Horner said: ‘Max is driving the wheels off the car. There is all this bull**** about Red Bull being favourites this season. Mercedes are seven-times champions consecutively. Last year their car was dominant, this year’s car is a carry-over from that; yes the regulations affected them a bit, but you can see they still have a quicker car than us.

‘Max is doing an amazing job to extract as much from it as he is. He is the only one keeping Lewis honest. He just gets in and gives it 100 per cent. He is a bit Mansell-esque in that respect. He’s an attacking driver and doesn’t know any different. That’s what makes him so exciting.

‘He has passed Lewis four times this season, including when he had to hand the place back in Bahrain. He’s not afraid to do that. I don’t see anyone else who could.’

The Team Principal hailed Max Verstappen but denied claims Red Bull were favourites this year

I suggest George Russell, the 23-year-old Williams driver who stood in for a Covid-stricken Hamilton in Bahrain last year. Horner agrees. He mentions Leclerc, too, but nobody else.

So what about the driver market and next year’s line-ups? Who will partner Hamilton at Mercedes if the reigning champion stays on: Valtteri Bottas again or Russell, a member of the Silver Arrows’ young driver programme?

‘We have a contract with Max,’ says Horner, setting that straight. ‘It will be interesting to see what Toto (Wolff, his opposite number at Mercedes) does with his second seat. He’s a little bit conflicted because he manages both drivers (Bottas and Russell) as well as employs them. Who is he actually negotiating with?

‘When George jumped in the car in Bahrain and drove as well as he did, it was the best and worst thing he could have done.’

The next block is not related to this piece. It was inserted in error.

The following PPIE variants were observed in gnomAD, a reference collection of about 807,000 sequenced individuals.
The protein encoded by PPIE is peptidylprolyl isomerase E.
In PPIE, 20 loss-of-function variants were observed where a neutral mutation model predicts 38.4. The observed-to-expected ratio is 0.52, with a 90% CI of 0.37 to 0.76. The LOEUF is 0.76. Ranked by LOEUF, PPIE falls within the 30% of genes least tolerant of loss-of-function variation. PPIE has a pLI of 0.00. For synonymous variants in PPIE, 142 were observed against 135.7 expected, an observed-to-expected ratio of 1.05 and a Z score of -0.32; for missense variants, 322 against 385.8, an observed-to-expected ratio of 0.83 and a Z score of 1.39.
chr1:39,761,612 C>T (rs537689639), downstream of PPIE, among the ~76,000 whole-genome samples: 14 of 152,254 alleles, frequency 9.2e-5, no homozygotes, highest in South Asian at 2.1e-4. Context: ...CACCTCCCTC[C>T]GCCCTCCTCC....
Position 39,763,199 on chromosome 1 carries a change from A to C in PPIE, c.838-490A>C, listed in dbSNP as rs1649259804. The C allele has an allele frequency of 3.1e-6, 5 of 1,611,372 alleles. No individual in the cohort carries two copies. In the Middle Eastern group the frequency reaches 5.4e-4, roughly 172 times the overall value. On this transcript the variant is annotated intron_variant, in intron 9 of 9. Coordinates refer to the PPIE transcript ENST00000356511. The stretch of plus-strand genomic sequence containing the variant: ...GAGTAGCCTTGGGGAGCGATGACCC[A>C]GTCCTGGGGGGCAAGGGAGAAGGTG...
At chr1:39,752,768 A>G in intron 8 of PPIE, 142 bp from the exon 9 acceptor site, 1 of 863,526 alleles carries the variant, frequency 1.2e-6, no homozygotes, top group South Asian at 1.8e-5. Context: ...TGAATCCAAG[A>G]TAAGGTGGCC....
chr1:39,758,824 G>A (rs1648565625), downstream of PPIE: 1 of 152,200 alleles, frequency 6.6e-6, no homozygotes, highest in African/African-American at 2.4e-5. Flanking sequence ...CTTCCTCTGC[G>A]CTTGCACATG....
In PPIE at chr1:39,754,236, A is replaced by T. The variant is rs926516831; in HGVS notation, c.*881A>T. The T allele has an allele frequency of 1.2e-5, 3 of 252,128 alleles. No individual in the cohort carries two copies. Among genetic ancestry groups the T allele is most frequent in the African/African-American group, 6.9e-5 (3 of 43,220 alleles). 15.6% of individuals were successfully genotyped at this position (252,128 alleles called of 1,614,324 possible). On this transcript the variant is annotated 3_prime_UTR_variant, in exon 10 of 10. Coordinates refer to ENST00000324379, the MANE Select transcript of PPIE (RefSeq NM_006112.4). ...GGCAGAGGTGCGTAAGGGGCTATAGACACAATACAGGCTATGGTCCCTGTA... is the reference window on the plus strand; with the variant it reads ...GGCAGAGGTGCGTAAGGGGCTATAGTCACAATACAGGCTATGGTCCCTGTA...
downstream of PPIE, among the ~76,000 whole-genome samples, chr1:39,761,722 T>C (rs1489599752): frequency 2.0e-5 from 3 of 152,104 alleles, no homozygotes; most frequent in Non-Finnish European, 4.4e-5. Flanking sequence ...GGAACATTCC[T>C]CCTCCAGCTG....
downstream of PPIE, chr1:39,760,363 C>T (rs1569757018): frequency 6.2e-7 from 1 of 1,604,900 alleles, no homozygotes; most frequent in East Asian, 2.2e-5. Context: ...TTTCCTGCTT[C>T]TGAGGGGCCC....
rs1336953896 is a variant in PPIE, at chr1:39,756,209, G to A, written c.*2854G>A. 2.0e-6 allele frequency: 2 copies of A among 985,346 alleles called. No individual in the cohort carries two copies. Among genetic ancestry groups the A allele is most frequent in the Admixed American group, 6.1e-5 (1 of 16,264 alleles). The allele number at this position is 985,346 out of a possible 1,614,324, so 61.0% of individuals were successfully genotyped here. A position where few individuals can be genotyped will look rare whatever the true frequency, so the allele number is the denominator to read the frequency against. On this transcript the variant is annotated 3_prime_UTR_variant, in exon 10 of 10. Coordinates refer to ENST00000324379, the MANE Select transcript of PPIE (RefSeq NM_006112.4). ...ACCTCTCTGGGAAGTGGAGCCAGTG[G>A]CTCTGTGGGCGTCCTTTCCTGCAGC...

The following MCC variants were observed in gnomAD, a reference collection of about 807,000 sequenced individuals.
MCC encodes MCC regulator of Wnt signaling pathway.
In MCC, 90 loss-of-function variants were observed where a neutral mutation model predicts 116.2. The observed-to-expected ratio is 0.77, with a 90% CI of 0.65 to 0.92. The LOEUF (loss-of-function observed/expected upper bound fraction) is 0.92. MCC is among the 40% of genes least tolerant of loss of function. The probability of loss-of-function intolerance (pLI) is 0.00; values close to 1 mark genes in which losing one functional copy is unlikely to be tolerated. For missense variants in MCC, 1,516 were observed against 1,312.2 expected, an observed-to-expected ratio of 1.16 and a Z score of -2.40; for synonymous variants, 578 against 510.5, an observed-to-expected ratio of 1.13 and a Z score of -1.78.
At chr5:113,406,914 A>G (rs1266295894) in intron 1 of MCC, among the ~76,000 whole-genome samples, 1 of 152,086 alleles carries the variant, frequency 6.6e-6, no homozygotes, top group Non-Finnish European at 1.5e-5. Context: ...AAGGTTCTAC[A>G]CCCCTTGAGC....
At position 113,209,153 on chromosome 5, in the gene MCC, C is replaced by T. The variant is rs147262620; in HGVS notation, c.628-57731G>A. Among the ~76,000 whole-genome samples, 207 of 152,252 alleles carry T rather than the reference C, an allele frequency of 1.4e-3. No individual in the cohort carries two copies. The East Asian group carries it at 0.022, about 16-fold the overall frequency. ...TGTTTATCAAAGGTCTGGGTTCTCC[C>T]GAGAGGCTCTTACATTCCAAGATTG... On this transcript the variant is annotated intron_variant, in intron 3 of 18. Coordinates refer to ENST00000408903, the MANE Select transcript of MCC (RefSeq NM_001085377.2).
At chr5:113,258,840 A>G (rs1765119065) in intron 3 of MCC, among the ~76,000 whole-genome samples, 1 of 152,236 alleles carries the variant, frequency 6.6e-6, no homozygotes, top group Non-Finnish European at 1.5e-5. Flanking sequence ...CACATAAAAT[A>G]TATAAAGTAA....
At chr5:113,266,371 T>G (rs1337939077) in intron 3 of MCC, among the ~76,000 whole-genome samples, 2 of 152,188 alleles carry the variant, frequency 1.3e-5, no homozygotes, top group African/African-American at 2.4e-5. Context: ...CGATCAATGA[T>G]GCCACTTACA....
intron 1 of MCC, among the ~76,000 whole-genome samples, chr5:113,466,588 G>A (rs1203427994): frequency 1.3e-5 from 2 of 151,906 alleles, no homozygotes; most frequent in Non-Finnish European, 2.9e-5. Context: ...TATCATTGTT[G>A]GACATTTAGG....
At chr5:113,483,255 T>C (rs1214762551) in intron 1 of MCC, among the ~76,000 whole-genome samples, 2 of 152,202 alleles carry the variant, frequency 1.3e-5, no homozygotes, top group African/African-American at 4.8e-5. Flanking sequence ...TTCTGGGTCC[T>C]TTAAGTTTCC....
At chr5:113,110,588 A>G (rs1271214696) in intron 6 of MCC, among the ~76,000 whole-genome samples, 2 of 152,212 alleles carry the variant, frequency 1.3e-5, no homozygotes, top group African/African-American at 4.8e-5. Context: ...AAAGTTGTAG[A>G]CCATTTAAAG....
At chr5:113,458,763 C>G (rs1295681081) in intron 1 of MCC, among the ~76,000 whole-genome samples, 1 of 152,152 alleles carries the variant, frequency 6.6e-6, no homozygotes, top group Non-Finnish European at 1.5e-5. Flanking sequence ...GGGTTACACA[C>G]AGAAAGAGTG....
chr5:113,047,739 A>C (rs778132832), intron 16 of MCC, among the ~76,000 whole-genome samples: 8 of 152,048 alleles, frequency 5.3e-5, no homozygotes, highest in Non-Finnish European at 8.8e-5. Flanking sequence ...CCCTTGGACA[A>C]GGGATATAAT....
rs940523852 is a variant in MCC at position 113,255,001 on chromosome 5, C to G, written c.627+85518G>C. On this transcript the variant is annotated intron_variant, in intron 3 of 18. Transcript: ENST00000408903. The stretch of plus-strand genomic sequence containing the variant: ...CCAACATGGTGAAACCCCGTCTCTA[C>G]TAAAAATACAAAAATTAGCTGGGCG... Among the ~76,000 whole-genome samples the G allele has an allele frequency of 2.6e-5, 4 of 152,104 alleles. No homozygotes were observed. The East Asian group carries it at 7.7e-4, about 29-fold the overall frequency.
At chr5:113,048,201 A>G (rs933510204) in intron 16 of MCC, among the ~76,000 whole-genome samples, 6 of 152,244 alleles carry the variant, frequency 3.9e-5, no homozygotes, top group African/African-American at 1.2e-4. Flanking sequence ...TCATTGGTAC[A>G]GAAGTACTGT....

The subtext is that Russell might be a potentially destabilising factor at Mercedes, unwanted and unwelcome by Hamilton, compared to the docile Bottas.

Conversation comes back to Hamilton a few times, usually at my prompting, but Horner manoeuvres us there for a specific reason. He does not name Lewis, but says: ‘Red Bull, as a certain famous British driver once said, is just an energy drink. And they can’t compete with McLaren and Ferrari. I think we have demonstrated we absolutely can.’

Red Bull were the constructors to beat after Sebastian Vettel clinched four titles from 2010-13

Four successive championships, constructors’ and drivers’, through Sebastian Vettel between 2010-13 make that point. But Red Bull are starting to reconstruct an exciting new phase — as manufacturers of their own engines, once partners Honda depart the sport.

They have been recruiting from Mercedes, makers of the benchmark powertrains for the past decade or more. It will lead to a 300-strong workforce in Red Bull’s Milton Keynes factory, and Horner is understandably excited.

‘We’re taking control of our own destiny,’ he says. ‘The only other team that has their chassis and engine departments under the same roof is Ferrari. Mercedes are split between Brackley and Brixworth and have different shareholdings now. It’s a long-term strategic advantage for Red Bull.’

Back to Monaco and the race?

‘All cycles come to an end,’ he says. ‘Mercedes won’t win for ever. That is the only thing we can be sure of. I can’t guarantee they won’t win this race. But they won’t always win it.’